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US soldiers test new synthetic training environment

U.S. soldiers from the 1st Cavalry Division, typically engaged in field exercises with Abrams tanks, Stryker and Bradley combat vehicles, are now exploring a novel virtual synthetic training environment (STE) indoors, as reported by Michael M. Novogradac from the U.S. Army Operational Test Command.
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Sgt. Andreis I. Izguerra, a cavalry scout with 4th Squadron, 9th Cavalry Regiment, 2nd Armored Brigade Combat Team, 1st Cavalry Division, operates a Bradley combat vehicle in a tactical combat simulator as he contributes to the operational demonstration of the Army’s new Synthetic Training Environment system, as part of the Reconfigurable Virtual Collective Trainer, at Fort Cavazos, Texas (Picture source: U.S. Army/Michael Novogradac)

Brig. Gen. George C. Hackler, commander of the Operational Test Command, highlighted the Army's commitment to developing STE, a cutting-edge simulation training framework designed for contemporary battlefield scenarios. This initiative represents a significant shift in military training methodologies, incorporating virtual reality, augmented reality, and gaming technologies to enhance soldiers' combat readiness.

Participants in the testing phase are providing valuable input to refine and determine the future direction of STE, enabling simulated training in various combat scenarios. Hackler emphasized the potential of STE to unite air and ground units in joint mission rehearsals across global locations via networked environments.

The STE setup was introduced at Fort Cavazos' Close Combat Tactical Trainer facility, offering ample space for the immersive system. A 1st CAV tank platoon conducted field tests to assess the system's effectiveness, contributing insights to improve the virtual training platform.

Sgt. 1st Class James R. Maxwell of B Company, 1st Battalion, 8th Cavalry Regiment, praised the system for its innovative approach to training, highlighting the opportunity to explore its capabilities and limitations. Spc. Tanner James Peake shared his enthusiasm for participating in this groundbreaking testing, noting the significant advantages of virtual reality goggles in enhancing situational awareness for tank crews.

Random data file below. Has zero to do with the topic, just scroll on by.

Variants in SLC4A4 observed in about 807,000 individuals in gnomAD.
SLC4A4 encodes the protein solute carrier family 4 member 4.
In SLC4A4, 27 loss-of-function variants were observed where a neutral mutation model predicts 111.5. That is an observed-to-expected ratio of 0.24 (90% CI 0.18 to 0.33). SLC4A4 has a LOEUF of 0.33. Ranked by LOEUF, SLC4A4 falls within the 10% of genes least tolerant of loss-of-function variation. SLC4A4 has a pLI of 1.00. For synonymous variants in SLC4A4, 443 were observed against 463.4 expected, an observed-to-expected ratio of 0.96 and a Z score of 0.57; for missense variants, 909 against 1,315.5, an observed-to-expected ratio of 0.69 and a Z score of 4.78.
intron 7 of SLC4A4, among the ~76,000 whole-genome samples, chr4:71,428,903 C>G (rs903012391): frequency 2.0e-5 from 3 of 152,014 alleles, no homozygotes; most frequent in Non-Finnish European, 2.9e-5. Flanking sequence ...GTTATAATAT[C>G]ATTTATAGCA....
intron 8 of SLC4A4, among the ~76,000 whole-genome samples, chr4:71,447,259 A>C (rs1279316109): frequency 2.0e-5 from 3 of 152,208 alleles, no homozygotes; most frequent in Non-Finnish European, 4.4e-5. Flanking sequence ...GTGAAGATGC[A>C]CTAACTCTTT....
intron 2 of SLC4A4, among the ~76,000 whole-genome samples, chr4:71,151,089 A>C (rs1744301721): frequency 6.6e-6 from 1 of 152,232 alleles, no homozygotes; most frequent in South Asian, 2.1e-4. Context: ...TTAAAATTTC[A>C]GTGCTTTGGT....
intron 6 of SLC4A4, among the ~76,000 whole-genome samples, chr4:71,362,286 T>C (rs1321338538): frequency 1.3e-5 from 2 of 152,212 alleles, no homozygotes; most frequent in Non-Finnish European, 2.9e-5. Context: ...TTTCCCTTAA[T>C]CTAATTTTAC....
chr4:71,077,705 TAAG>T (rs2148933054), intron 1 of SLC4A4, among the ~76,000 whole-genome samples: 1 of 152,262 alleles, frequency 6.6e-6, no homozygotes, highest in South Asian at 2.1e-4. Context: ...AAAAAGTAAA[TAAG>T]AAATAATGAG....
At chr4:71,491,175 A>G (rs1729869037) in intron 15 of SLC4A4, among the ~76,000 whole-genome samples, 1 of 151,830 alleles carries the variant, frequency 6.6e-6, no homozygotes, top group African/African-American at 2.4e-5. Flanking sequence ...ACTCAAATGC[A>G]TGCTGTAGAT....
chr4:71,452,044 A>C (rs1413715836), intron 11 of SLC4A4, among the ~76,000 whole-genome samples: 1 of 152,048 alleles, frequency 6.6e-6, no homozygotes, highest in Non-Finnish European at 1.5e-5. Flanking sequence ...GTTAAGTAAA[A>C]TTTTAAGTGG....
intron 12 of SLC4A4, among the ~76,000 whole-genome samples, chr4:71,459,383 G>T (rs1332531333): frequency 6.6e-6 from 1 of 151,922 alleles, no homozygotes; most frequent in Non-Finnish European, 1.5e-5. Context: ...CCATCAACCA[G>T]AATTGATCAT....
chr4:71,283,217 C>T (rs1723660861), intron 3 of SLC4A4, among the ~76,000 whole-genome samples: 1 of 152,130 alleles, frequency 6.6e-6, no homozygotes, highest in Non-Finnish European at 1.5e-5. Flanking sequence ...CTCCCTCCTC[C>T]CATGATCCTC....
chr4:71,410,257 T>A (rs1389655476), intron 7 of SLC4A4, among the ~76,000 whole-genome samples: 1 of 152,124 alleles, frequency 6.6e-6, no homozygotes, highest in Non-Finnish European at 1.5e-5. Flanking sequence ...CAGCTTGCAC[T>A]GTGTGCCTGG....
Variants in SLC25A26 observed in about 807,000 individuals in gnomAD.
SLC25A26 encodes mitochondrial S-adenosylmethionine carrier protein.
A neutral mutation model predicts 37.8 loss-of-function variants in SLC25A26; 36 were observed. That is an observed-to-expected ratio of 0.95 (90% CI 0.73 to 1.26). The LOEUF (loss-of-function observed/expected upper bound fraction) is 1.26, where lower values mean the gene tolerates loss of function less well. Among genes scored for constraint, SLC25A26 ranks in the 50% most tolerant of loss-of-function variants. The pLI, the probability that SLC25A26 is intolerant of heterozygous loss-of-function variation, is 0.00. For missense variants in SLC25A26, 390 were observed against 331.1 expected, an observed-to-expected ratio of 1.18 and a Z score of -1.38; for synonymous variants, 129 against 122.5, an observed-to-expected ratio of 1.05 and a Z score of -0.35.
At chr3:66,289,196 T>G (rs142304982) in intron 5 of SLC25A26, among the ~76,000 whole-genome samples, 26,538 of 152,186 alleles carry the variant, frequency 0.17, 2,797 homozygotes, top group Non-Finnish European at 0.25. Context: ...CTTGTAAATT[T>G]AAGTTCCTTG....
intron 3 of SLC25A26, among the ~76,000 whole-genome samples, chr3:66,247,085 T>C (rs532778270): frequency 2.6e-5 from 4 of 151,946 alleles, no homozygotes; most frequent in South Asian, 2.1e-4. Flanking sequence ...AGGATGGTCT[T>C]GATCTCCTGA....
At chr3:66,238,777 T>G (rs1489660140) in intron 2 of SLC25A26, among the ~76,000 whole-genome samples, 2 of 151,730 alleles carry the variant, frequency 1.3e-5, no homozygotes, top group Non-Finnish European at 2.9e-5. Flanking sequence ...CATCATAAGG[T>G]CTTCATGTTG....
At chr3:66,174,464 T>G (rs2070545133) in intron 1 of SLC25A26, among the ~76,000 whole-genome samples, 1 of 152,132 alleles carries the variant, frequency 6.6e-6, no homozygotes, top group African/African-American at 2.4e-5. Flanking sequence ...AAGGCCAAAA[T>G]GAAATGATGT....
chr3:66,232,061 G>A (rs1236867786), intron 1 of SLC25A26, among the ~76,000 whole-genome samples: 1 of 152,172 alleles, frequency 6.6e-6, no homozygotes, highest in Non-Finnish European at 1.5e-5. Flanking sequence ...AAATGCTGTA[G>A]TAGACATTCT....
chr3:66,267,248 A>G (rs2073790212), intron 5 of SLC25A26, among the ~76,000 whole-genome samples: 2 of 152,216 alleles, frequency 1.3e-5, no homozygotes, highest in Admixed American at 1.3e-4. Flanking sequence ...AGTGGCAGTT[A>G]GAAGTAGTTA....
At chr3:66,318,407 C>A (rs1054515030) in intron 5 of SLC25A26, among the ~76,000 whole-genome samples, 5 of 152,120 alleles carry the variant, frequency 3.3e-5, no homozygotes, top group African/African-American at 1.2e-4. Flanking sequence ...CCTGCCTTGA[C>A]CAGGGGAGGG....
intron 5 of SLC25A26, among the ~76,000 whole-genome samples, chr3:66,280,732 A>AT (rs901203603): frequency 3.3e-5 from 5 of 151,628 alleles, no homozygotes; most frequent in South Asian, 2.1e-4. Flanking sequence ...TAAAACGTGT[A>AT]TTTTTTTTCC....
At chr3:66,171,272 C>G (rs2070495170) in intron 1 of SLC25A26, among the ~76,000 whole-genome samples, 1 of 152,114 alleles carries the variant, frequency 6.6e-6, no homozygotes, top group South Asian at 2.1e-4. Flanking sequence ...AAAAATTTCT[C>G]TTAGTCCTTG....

1st Lt. Julia D. Woodlief played a pivotal role in managing virtual opposing forces and facilitating after-action reviews, offering comprehensive insights into the platoon's performance. The STE's interactive and realistic simulations are designed to mirror the complexities of modern combat, as outlined by Robert L. Carroll from the Mission Command Test Directorate.

The system's networked capabilities suggest a versatile training solution that can be deployed globally, supporting units in both pre-deployment and operational phases. Shelby R. Schoolcraft, a Military Test Plans Analyst at OTC, explained the rigorous testing process, including focus groups and data collection, to evaluate the system's effectiveness, suitability, and survivability.

The collaborative effort involved multiple Army units and agencies, demonstrating the wide-ranging support for advancing military training technologies. This operational demonstration underscores the Army's dedication to leveraging innovative solutions to prepare soldiers for the challenges of future combat environments.

Defense News March 2024

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